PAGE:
A novel close-to-sensor computational camera has been designed and developed at the ViLab. ROIs can be captured and processed at 1000fps; the concurrent processing enables low latency sensor control and flexible image processing. With 9DoF motion sensing, the low, size, weight and power form-factor makes it ideally suited for robotics and UAV applications. The modular design allows multiple configurations and output options, easing development of embedded applications. General purpose output can directly interface with external devices such as servos and motors while ethernet offers a conventional image output capability. A binocular system can be configured with self-driven pan/tilt positioning, as an autonomous verging system or as a standard stereo pair. More information can be found here xcamflyer.
Currently we are researching how to extract human pose from a sparse set of moving features. This work is inspired from psychophisical experiments using the Moving Light Display (MLD), where it has been shown that a small set of moving points attached to the key joints of a person could convey a wealth of information to an observer about the person being viewed, such as their mood or gender. Unlike the typical MLD’s used in the physchophysics community ours are automatically generated by applying a standard feature tracker to a sequence of images.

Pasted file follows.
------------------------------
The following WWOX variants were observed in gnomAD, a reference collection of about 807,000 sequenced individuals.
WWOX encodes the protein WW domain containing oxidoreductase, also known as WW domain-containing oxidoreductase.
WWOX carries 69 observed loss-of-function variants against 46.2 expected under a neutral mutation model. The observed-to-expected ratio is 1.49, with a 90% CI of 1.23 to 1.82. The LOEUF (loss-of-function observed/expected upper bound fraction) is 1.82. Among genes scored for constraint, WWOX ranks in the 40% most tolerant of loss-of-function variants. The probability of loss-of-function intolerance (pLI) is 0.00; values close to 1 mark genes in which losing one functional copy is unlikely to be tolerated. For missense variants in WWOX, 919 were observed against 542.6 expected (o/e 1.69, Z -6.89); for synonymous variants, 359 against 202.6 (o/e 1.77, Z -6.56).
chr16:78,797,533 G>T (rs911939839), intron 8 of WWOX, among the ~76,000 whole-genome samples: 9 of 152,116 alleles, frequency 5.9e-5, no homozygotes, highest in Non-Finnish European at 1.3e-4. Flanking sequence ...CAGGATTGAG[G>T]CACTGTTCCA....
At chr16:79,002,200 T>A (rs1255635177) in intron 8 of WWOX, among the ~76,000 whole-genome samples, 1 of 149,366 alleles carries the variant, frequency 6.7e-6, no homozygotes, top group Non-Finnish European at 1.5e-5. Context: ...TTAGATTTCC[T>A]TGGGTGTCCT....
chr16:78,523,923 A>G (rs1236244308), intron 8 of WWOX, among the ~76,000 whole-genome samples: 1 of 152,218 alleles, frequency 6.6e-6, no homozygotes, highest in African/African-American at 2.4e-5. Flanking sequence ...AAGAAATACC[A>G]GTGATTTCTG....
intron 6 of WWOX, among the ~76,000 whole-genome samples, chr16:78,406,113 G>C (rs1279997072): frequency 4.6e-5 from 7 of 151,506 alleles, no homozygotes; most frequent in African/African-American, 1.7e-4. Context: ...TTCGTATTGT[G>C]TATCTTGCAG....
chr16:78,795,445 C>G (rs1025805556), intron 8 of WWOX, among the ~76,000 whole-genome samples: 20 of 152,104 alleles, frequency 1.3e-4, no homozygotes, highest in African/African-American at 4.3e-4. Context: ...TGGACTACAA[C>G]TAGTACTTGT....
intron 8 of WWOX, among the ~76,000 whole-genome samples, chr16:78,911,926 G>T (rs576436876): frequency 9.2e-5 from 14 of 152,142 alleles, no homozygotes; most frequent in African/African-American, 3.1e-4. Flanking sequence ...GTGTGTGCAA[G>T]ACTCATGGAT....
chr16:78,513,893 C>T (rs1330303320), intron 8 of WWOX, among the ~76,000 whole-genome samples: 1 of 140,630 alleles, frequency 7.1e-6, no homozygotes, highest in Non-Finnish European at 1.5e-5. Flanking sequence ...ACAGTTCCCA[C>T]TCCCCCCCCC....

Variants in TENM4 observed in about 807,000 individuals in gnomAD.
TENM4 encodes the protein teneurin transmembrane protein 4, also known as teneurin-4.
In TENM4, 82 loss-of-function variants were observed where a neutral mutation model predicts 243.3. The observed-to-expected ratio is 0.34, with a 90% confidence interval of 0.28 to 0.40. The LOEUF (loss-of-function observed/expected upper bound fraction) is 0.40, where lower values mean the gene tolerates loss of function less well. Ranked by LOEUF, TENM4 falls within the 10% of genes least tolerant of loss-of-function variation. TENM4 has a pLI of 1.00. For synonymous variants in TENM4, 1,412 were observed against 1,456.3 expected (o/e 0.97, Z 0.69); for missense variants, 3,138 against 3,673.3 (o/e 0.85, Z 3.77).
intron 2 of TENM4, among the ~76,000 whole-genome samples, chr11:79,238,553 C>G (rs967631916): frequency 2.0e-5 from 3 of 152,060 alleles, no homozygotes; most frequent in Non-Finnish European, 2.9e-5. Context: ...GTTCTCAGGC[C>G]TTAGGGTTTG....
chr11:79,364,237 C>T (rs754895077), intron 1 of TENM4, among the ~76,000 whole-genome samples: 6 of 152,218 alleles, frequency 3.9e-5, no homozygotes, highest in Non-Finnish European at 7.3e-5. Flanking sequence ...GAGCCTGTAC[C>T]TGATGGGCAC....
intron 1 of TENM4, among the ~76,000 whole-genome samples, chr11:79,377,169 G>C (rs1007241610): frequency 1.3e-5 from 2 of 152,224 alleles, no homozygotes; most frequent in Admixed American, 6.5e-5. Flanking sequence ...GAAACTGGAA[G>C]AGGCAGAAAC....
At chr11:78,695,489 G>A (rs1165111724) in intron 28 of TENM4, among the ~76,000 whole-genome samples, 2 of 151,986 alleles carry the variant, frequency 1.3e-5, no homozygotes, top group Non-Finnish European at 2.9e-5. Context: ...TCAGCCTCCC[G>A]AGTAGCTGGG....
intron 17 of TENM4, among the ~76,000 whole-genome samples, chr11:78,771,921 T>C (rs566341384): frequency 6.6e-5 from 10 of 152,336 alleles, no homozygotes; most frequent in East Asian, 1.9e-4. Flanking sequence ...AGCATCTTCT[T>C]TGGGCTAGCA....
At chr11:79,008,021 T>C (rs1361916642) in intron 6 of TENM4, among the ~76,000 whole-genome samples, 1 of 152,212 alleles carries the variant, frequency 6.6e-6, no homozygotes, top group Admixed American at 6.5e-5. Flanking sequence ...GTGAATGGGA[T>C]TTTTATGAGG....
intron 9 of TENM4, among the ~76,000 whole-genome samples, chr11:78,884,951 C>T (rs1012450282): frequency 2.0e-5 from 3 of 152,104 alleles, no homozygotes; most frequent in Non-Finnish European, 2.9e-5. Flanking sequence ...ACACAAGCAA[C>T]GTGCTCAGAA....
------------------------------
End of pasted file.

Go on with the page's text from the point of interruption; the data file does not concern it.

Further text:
The result is a set of features that are far more noisy and unreliable than those tradtionally used. The purpose of this research is to try to better understand how the temporal dimension of a sequence of images can be exploited at a much lower level than currently used to estimate pose.
A half million pound BBSRC collaboration with Biological sciences and experimental Psychology, the aim of this project is to develop a computational theory of animal camouflage, with models specific to the visual systems of birds and humans. Moths have been chosen for this study as they are a particularly good demonstrators of a wide range of cryptic and disruptive camouflage in nature. Using psychophysically plausible low-level image features, learning algorithms are used to determine the effectiveness of camouflage examples. The ability to generate and process large numbers of camouflage examples enables predictive computational models to be created and compared to the performance of human and bird subjects. Such comparisons will give insights into what aspects of moth camouflage are important for avoiding detection and recognition by birds and humans and thereby, give insight into the mechanisms being employed by bird and human visual systems